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The great marathon of destiny

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One could find fewer more appropriate metaphors for the story of the Jewish people than that of a long and rigorous marathon in which the baton is passed from runner to runner as each generation concludes its distance and a new stretch begins.

The marathon of the Jewish people started 3 533 years ago, and is destined to continue onto the finish line – the coming of Moshiach. Then, great rewards and accolades will be meted out for the incredible feat of seeing through this longest and hardest marathon in all of history, and a new epoch will begin.

Scholars, historians, and philosophers are all at a loss as to how to explain the continuity that is the marathon of the Jewish people. They are baffled at how extraordinary it is that the baton hasn’t been dropped, and how the run through history continues.

Even more remarkable is how at intermittent stages in the race, other runners of supreme physique and athletic prowess joined in the marathon and, bragging of their might and muscle and domination of the track, drummed in the message that they would easily be the victors. Many of these tried forcibly to cut down the Jew and eliminate him from the marathon using all kinds of threat, menace, and brutal and savage attack. But these attempts proved futile. History shows that each of these formidable runners eventually fell out of the marathon while the Jew continued.

There were those runners who entered the race who realised that they couldn’t forcibly eliminate the irrepressible Jew out of the race, and who decided to use guile. Their method was to lure him with promises of bounty and pleasure, with showers of love and adoration, and with offers of prestige and prominence. “Just leave the marathon, drop the baton, you’ll have it so good!” But the Jew waved them off, and said, “Thanks, but no thanks.”

And so, the saga continued for millennia, and continues today. The baton hasn’t been dropped. The Jew’s march to the finish line is uninterrupted.

So, what’s the unique formula of the Jew that has enabled this seemingly inexplicable outcome of endurance and continuity?

We will touch on one fundamental component – Pesach. The birth of the Jewish people was unique among nations in history. They came to be a people not of their own gathering and becoming, but were gathered and became, as no other, by the Hand and doing of G-d. Their appointment as a people took place amidst great wonders and miracles. It was done in full view, out in public, open for all to see. It happened in spite of the efforts of the mightiest power of the day’s attempts to prevent it. Pharaoh and Egypt didn’t want to let this slave people go, and tried to defy its happening. But G-d’s people had been chosen, and so Pharaoh and Egypt crumbled, falling like a house of cards.

From being an oppressed, broken, and trapped bunch of slaves, this people was raised up by the Hand of the almighty Himself, taken to Him to be a people, and elevated to the highest heavens to become “a kingdom of priests and a holy nation”.

Once a year, on the very same date that this birth into nationhood took place, the Jew sits down and v’higadta l’vincha – he tells the story to his children of how they became a people. He speaks of the uniqueness of their marathon run, and the imperative that the baton is never dropped. He tells of how they were forged in the miraculous, and of their destiny being intertwined with the very purpose of creation.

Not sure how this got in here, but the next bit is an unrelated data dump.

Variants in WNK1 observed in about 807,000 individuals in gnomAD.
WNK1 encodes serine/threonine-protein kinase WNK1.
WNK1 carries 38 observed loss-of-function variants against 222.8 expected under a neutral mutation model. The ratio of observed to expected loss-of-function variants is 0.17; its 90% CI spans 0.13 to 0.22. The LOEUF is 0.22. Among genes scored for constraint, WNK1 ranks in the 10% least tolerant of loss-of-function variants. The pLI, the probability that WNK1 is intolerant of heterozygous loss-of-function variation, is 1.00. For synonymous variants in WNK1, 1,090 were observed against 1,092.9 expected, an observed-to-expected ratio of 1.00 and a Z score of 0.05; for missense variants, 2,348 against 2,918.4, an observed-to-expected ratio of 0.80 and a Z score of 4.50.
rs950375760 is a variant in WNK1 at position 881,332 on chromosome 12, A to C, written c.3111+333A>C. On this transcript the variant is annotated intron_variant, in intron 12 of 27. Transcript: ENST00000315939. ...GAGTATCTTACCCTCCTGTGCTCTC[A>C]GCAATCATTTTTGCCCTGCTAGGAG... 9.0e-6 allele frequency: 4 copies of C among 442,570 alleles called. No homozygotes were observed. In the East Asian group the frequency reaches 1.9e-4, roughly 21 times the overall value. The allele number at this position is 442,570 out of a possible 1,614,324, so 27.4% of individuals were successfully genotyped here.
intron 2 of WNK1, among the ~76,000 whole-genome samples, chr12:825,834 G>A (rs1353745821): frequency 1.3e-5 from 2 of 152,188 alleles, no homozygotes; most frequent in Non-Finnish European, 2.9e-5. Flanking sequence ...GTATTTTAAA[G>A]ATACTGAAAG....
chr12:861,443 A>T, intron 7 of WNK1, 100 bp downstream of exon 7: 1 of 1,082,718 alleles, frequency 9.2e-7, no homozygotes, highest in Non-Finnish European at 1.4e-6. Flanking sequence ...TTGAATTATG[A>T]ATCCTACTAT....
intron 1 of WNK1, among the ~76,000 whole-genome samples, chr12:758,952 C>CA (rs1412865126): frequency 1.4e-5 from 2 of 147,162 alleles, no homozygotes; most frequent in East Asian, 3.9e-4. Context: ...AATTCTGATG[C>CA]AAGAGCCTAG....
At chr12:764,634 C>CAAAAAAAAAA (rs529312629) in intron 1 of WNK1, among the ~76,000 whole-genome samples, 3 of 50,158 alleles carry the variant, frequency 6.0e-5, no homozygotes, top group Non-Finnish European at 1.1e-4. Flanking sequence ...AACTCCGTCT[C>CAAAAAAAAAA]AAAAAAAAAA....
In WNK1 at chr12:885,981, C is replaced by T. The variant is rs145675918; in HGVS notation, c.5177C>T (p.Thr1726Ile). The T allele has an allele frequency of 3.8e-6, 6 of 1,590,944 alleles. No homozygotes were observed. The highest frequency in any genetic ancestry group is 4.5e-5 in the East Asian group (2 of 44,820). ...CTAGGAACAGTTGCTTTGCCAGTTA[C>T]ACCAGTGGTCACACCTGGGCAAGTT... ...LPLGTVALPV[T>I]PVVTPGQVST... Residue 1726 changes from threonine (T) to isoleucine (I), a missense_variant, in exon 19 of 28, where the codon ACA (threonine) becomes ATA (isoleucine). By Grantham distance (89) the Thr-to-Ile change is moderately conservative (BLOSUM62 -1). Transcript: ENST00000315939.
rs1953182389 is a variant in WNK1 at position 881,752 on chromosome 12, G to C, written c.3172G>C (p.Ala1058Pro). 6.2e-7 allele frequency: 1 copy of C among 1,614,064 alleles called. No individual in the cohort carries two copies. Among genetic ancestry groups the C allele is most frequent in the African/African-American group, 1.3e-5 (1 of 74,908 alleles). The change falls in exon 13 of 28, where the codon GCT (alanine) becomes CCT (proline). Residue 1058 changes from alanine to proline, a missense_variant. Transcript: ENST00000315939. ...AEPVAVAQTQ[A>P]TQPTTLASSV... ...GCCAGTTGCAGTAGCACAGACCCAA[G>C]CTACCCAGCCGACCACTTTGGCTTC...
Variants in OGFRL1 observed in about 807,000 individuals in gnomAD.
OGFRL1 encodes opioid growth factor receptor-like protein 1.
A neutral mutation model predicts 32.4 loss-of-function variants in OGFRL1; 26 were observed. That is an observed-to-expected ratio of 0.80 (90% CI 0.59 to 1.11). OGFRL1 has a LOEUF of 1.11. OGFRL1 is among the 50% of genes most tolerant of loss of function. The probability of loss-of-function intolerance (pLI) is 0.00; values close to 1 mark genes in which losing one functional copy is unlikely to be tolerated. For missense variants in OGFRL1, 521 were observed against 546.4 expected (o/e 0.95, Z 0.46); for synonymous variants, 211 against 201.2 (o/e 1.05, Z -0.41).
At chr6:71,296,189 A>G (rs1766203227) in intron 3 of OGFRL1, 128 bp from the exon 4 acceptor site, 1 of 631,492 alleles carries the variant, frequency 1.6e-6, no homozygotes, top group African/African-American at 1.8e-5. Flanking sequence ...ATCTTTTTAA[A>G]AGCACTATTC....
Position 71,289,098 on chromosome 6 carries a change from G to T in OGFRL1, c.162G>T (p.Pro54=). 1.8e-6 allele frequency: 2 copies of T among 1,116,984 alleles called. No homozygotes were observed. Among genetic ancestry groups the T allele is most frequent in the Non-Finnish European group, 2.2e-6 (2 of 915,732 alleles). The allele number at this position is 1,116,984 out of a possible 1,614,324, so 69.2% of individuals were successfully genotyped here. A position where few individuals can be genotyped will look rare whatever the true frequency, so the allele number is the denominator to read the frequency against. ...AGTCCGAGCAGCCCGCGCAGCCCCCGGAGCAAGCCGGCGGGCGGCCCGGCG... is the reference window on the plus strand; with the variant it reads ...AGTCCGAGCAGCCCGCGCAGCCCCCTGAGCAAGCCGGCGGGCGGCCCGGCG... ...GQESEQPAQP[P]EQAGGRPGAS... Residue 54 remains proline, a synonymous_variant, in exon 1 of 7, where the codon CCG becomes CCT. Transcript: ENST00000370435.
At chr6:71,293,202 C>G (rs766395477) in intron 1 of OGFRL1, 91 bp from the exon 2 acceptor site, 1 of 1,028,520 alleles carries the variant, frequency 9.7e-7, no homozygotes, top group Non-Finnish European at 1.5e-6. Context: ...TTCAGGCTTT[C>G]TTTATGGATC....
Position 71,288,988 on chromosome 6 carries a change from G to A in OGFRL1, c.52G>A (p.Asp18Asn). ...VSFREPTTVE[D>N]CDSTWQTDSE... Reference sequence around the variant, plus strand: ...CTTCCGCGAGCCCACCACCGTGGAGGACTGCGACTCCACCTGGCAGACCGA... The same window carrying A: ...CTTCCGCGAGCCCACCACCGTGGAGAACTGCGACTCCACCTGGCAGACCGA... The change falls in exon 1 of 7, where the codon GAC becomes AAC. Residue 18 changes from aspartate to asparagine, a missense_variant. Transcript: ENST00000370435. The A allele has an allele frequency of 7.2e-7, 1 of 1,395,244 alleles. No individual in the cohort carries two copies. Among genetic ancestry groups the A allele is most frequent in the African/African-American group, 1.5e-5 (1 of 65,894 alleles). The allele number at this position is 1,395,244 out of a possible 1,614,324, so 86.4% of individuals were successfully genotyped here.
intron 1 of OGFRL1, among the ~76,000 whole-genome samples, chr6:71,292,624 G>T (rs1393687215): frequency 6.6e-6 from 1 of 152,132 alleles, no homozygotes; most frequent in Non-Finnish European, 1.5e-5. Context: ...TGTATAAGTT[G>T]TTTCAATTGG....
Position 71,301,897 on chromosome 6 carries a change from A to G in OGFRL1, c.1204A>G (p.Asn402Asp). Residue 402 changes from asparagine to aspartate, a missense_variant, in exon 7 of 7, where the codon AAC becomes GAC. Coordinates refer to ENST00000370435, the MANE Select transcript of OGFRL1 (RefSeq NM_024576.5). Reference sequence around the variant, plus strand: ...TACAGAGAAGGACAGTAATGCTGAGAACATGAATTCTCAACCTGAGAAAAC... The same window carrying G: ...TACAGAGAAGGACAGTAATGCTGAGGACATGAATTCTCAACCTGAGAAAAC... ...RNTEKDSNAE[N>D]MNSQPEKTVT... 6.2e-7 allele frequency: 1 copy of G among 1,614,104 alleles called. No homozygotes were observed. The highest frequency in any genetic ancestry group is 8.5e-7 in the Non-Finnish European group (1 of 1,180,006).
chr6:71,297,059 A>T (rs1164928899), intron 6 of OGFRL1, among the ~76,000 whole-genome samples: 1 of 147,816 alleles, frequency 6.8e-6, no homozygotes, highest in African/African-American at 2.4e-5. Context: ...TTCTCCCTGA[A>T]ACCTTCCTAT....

The Pesach seder is the annual event that deals with the story of the birth of the Jew in particular detail. The message at the seder comes from a runner in the marathon that received the baton when he/she was young, and is now passing it on through the seder. In doing so, they are strengthened in their continued stretch of the race, re-affirming their commitment to their part in the marathon, as well as preparing the next generation to do their part.

To be clear though, the retelling of this event, which essentially summons the Jew to recognise his mission and destiny, cannot suffice with only annual gathering and telling. We are bidden to “remember the exodus from Egypt all the days of your life”. It’s mentioned in our daily prayers. We also recite it twice a day in the Shema, morning and night.

The conscientious athlete knows that in order to challenge for victory – and especially if it’s the coveted championship race – he needs to be in prime condition and must keep focus and commitment throughout. He cannot afford to drop the baton on his watch. So, too, we cannot rely only on an annual retelling of our peoples’ founding and this incredible start to the cosmic marathon. Rather, we need to “remember the exodus from Egypt all the days of your life”.

So as to the question, what’s the Jew’s unique formula that has enabled this seemingly inexplicable outcome of endurance and continuity? One vital component of it is, indeed, the Pesach seder, but perhaps an even more important component is carrying the seder and the message of this birth of our people into the year ahead so that the stretch of the marathon that’s run each day is done with fresh knowledge, renewed pride, and clear and immediate conviction. Then, we can be sure that the baton will be held firmly and passed on assuredly, reaching all the way to the finish line with the coming of Moshiach.

  • Ilan Herrmann is the rabbi of Soul Workout shul, publisher of ‘Soul Sport’ magazine, and the founder of Soul Workout outreach organisation.

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